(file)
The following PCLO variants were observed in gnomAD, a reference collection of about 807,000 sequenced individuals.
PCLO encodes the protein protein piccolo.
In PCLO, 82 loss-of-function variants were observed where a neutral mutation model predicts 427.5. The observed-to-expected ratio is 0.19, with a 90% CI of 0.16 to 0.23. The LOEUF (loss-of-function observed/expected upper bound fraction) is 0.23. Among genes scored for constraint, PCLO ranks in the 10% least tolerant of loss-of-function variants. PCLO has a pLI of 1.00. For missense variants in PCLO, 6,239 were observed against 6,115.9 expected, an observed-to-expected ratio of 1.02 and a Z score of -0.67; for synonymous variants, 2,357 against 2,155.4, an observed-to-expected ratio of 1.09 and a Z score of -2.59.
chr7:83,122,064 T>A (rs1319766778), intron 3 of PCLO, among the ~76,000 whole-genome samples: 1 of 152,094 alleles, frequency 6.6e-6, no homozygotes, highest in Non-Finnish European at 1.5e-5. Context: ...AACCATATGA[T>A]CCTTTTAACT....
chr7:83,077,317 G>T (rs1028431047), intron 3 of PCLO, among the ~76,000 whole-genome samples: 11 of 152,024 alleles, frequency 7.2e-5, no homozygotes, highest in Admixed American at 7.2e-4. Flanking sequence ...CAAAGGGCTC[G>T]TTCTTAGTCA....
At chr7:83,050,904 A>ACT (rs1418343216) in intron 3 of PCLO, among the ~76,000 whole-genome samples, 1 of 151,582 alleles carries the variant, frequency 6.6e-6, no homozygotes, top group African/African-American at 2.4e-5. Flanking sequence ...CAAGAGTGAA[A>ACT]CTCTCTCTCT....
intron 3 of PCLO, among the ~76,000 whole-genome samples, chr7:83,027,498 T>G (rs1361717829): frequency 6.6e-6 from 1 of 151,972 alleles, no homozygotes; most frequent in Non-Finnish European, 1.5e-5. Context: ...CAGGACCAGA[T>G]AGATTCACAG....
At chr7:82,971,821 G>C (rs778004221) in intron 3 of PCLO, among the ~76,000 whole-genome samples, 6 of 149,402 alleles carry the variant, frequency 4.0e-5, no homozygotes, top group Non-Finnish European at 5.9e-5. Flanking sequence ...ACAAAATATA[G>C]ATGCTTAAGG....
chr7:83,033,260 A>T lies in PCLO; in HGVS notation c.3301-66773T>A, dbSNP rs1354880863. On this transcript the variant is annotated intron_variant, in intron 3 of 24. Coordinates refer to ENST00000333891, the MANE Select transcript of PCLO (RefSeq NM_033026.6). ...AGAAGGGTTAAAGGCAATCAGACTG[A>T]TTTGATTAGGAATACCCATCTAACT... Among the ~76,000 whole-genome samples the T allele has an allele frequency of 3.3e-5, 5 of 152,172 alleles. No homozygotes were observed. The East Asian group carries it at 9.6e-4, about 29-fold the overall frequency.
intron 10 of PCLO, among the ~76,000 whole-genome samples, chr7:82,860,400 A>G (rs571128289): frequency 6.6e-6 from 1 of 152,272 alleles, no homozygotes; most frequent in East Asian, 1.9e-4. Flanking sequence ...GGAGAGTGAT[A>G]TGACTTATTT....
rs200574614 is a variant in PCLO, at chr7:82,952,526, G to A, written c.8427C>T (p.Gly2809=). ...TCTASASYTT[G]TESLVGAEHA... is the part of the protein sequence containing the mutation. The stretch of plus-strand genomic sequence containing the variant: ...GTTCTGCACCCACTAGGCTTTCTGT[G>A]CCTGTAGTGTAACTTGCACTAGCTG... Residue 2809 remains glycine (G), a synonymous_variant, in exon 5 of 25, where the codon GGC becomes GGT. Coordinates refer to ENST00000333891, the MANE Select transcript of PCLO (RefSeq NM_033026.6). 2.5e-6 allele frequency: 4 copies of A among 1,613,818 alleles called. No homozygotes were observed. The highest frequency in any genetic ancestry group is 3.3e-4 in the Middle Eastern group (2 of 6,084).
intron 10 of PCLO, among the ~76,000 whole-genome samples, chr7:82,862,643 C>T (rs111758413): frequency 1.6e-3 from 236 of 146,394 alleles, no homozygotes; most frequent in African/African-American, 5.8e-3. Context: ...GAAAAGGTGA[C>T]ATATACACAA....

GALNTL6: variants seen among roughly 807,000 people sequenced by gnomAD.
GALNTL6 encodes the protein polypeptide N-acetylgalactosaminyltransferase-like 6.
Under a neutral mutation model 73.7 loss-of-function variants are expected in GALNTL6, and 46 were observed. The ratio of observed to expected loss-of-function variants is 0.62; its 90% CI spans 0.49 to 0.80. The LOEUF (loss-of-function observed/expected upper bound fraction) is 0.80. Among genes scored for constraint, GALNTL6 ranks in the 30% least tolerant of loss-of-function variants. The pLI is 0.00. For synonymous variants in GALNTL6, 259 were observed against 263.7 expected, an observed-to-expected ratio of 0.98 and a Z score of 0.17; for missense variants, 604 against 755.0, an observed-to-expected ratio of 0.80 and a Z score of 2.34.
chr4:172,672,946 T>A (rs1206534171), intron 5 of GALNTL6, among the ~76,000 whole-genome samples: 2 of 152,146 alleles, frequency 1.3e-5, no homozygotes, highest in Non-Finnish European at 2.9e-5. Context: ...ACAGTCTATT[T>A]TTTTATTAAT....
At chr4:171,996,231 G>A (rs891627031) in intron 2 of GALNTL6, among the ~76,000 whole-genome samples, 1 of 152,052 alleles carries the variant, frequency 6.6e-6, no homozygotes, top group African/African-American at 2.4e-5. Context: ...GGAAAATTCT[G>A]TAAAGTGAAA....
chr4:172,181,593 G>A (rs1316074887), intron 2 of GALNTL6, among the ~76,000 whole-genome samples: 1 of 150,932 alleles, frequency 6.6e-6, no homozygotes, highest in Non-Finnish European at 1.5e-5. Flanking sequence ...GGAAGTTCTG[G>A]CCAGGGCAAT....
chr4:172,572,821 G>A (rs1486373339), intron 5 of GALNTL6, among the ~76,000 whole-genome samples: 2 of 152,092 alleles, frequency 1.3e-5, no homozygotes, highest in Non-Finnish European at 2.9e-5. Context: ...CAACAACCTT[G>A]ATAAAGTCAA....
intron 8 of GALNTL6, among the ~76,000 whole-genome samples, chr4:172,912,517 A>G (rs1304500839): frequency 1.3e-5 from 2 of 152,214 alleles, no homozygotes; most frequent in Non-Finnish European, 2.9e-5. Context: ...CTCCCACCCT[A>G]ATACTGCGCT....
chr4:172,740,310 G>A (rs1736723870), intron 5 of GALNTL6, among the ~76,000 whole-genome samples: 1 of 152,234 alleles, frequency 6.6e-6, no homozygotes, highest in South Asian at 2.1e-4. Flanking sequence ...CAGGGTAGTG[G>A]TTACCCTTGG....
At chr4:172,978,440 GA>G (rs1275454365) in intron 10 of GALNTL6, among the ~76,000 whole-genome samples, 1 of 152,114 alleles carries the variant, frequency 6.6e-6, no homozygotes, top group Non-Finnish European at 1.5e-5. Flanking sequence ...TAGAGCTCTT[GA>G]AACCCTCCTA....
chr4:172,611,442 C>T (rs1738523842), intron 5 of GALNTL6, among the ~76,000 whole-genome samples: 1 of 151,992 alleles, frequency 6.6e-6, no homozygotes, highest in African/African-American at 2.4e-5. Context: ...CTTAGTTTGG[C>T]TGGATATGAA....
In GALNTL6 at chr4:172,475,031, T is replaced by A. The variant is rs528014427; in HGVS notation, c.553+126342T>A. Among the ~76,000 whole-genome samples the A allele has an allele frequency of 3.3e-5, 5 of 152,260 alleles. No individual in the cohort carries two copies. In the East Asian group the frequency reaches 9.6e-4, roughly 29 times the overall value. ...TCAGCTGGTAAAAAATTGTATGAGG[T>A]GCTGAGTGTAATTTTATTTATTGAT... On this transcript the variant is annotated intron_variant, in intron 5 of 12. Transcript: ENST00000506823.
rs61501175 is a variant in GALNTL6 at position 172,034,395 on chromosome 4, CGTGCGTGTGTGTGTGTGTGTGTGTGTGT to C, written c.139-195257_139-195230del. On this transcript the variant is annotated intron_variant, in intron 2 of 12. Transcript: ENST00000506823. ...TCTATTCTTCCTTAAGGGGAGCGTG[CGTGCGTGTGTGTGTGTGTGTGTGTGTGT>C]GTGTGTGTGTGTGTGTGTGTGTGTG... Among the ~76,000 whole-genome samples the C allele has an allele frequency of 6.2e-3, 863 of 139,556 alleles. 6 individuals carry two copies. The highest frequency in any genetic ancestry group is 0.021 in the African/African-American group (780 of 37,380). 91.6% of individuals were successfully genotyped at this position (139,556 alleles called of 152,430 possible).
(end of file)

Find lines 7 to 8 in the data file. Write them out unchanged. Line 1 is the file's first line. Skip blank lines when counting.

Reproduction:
intron 3 of PCLO, among the ~76,000 whole-genome samples, chr7:83,027,498 T>G (rs1361717829): frequency 6.6e-6 from 1 of 151,972 alleles, no homozygotes; most frequent in Non-Finnish European, 1.5e-5. Context: ...CAGGACCAGA[T>G]AGATTCACAG....
At chr7:82,971,821 G>C (rs778004221) in intron 3 of PCLO, among the ~76,000 whole-genome samples, 6 of 149,402 alleles carry the variant, frequency 4.0e-5, no homozygotes, top group Non-Finnish European at 5.9e-5. Flanking sequence ...ACAAAATATA[G>C]ATGCTTAAGG....